New evidence and handwritten ledgers show 12.7 million dollars in undisclosed cash payments designated for Mr. Manafort, Donald Trumps campaign manager according to Ukraine's newly formed National anti-corruption bureau.
A shell company created by Paul Manafort the same day he left the presidential campaign quickly received $13 million in loans from the businesses with ties to Mr. Trump, including one that partners with a Ukrainian-born billionaire and another led by a Trump economic adviser. They were among $20 million in loans secured by properties belonging to Mr. Manafort and his wife.
In this post, former FBI agent offers specific examples of when Trump and Paul Manafort, diverted attention from questions posed to them to fake news articles propagated by the Russians.
Evidence is emerging that the hacking and disinformation campaign waged at the direction of Russian President Vladimir Putin took at least four separate but related paths. The first involved establishing personal contact with Americans perceived as sympathetic to Moscow — such as former Defense Intelligence Agency chief Michael Flynn, former Trump campaign chairman Paul Manafort, and early Trump foreign-policy adviser Carter Page — and using them as a means to further Russia's foreign-policy goals.
Investigators show interest in Manafort and his business colleague Kilimnik, a Russian army veteran. Kilimnik said his meetings with Manafort were “private visits” that were “in no way related to politics or the presidential campaign in the U.S.” He said he did not meet with Trump or other campaign staff members. However, he said their contacts included discussions “related to the perception of the U.S. presidential campaign in Ukraine.”
Investigators for the special counsel, Robert S. Mueller III, recently searched the Northern Virginia home of President Trump’s former campaign manager, Paul Manafort, for tax documents and foreign banking records, a sign that the inquiry into Mr. Manafort has broadened, according to a person familiar with the matter.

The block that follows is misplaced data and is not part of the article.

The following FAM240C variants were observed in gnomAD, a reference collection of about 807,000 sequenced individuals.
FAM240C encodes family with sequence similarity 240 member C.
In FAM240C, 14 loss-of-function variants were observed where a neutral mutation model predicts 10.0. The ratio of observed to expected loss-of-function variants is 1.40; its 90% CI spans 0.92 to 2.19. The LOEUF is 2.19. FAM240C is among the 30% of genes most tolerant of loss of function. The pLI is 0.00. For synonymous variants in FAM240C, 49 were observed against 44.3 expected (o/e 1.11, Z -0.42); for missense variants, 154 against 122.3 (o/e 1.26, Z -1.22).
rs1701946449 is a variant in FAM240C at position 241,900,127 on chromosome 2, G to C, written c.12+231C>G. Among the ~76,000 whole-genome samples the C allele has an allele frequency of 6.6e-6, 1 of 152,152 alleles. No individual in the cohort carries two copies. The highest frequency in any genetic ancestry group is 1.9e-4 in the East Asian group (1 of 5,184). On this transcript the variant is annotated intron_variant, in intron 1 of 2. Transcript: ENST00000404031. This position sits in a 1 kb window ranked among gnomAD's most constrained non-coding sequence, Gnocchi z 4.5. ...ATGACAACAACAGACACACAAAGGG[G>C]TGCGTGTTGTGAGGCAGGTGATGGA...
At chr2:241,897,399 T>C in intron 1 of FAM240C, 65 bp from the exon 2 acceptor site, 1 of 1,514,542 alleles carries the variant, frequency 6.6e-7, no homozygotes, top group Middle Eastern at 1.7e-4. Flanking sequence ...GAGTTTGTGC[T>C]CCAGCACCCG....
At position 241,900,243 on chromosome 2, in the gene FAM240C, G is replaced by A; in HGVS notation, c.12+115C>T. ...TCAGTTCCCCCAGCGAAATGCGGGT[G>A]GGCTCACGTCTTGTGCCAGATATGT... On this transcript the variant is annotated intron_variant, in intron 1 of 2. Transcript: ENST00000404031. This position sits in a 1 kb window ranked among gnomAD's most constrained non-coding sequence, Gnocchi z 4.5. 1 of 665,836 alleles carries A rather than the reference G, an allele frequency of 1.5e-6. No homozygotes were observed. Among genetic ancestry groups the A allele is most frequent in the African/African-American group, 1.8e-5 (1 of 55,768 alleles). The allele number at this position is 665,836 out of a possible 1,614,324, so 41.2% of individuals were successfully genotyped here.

Five years ago, Paul Manafort arranged for a prominent New York-based law firm to draft a report that was used by allies of his client, Viktor Yanukovych, the Russia-aligned president of Ukraine, to justify the jailing of a political rival. And now the report is coming back to haunt it.
Paul J. Manafort was in bed early one morning in July when federal agents bearing a search warrant picked the lock on his front door and raided his Virginia home. They took binders stuffed with documents and copied his computer files, looking for evidence that Mr. Manafort, President Trump’s former campaign chairman, set up secret offshore bank accounts. The special counsel, Robert S. Mueller III, then followed the house search with a warning: His prosecutors told Mr. Manafort they planned to indict him, said two people close to the investigation.
On Wednesday September 20, the Washington Post published yet another evening bombshell about the Trump-Russia investigation. The Post found that while serving as Donald Trump’s campaign chairman, Paul Manafort offered to provide regular “private briefings” on the presidential campaign to Oleg Deripaska, a Russian billionaire who is closely linked to Vladimir Putin.
Former Trump campaign chairman Paul Manafort and his son-in-law are engaged in an ugly legal battle that escalated last week with the son-in-law, Jeffrey Yohai, alleging that Manafort was part of a conspiracy to mislead a federal bankruptcy court.